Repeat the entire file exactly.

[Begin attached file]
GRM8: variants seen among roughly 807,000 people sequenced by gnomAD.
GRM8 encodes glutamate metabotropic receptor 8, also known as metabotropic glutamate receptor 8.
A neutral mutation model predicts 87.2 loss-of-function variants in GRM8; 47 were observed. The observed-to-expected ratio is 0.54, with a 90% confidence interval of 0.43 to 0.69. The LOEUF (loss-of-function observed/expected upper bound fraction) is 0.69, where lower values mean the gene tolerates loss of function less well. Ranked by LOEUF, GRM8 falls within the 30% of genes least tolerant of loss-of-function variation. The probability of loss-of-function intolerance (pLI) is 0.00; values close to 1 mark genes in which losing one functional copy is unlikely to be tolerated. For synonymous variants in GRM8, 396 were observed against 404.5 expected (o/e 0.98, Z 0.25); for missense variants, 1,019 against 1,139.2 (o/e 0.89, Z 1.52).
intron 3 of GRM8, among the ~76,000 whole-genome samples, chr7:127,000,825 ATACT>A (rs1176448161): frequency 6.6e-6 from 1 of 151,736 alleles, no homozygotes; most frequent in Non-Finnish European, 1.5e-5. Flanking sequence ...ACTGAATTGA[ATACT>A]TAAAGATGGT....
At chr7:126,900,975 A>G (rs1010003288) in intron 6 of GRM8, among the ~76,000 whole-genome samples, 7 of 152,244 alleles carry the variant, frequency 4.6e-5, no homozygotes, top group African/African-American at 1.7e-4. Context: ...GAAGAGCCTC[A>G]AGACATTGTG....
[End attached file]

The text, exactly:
GRM8: variants seen among roughly 807,000 people sequenced by gnomAD.
GRM8 encodes glutamate metabotropic receptor 8, also known as metabotropic glutamate receptor 8.
A neutral mutation model predicts 87.2 loss-of-function variants in GRM8; 47 were observed. The observed-to-expected ratio is 0.54, with a 90% confidence interval of 0.43 to 0.69. The LOEUF (loss-of-function observed/expected upper bound fraction) is 0.69, where lower values mean the gene tolerates loss of function less well. Ranked by LOEUF, GRM8 falls within the 30% of genes least tolerant of loss-of-function variation. The probability of loss-of-function intolerance (pLI) is 0.00; values close to 1 mark genes in which losing one functional copy is unlikely to be tolerated. For synonymous variants in GRM8, 396 were observed against 404.5 expected (o/e 0.98, Z 0.25); for missense variants, 1,019 against 1,139.2 (o/e 0.89, Z 1.52).
intron 3 of GRM8, among the ~76,000 whole-genome samples, chr7:127,000,825 ATACT>A (rs1176448161): frequency 6.6e-6 from 1 of 151,736 alleles, no homozygotes; most frequent in Non-Finnish European, 1.5e-5. Flanking sequence ...ACTGAATTGA[ATACT>A]TAAAGATGGT....
At chr7:126,900,975 A>G (rs1010003288) in intron 6 of GRM8, among the ~76,000 whole-genome samples, 7 of 152,244 alleles carry the variant, frequency 4.6e-5, no homozygotes, top group African/African-American at 1.7e-4. Context: ...GAAGAGCCTC[A>G]AGACATTGTG....